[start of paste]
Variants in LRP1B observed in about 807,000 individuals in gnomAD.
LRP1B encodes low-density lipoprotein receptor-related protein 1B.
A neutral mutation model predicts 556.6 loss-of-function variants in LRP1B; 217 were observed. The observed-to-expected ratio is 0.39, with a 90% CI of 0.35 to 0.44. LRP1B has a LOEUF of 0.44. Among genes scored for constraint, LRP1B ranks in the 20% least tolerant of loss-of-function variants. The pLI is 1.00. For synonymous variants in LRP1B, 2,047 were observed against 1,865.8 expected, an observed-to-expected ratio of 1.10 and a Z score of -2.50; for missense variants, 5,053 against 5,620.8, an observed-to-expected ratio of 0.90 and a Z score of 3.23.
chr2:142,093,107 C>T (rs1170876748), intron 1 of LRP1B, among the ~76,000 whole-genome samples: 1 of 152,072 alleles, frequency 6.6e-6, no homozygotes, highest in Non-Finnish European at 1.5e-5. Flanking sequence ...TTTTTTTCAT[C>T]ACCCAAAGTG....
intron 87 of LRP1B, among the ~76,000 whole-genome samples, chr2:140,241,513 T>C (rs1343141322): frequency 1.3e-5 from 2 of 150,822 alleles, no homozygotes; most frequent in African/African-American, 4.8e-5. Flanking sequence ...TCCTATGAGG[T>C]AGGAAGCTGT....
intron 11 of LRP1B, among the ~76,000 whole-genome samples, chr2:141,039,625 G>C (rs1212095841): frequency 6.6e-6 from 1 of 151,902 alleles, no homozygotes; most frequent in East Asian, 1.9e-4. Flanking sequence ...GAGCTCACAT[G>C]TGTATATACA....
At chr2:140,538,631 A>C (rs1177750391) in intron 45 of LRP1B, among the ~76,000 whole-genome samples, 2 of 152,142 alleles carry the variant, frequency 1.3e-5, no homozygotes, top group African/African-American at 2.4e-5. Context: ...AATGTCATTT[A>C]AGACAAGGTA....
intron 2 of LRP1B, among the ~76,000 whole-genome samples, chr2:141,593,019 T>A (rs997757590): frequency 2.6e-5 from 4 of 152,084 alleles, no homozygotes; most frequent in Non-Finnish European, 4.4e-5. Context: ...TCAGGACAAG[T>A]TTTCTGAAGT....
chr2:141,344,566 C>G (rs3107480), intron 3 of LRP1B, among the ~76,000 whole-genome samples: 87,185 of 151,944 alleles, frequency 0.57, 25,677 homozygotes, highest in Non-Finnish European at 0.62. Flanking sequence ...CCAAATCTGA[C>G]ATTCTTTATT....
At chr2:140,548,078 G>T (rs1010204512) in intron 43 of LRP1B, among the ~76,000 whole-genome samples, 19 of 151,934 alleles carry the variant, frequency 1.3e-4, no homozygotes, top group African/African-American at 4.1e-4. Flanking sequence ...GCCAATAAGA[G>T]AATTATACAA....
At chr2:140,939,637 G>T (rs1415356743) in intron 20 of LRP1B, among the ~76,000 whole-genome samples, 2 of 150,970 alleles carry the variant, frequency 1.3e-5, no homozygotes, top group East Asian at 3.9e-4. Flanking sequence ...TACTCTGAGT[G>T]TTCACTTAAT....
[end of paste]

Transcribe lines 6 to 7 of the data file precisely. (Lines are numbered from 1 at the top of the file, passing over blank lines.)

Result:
intron 11 of LRP1B, among the ~76,000 whole-genome samples, chr2:141,039,625 G>C (rs1212095841): frequency 6.6e-6 from 1 of 151,902 alleles, no homozygotes; most frequent in East Asian, 1.9e-4. Flanking sequence ...GAGCTCACAT[G>C]TGTATATACA....
At chr2:140,538,631 A>C (rs1177750391) in intron 45 of LRP1B, among the ~76,000 whole-genome samples, 2 of 152,142 alleles carry the variant, frequency 1.3e-5, no homozygotes, top group African/African-American at 2.4e-5. Context: ...AATGTCATTT[A>C]AGACAAGGTA....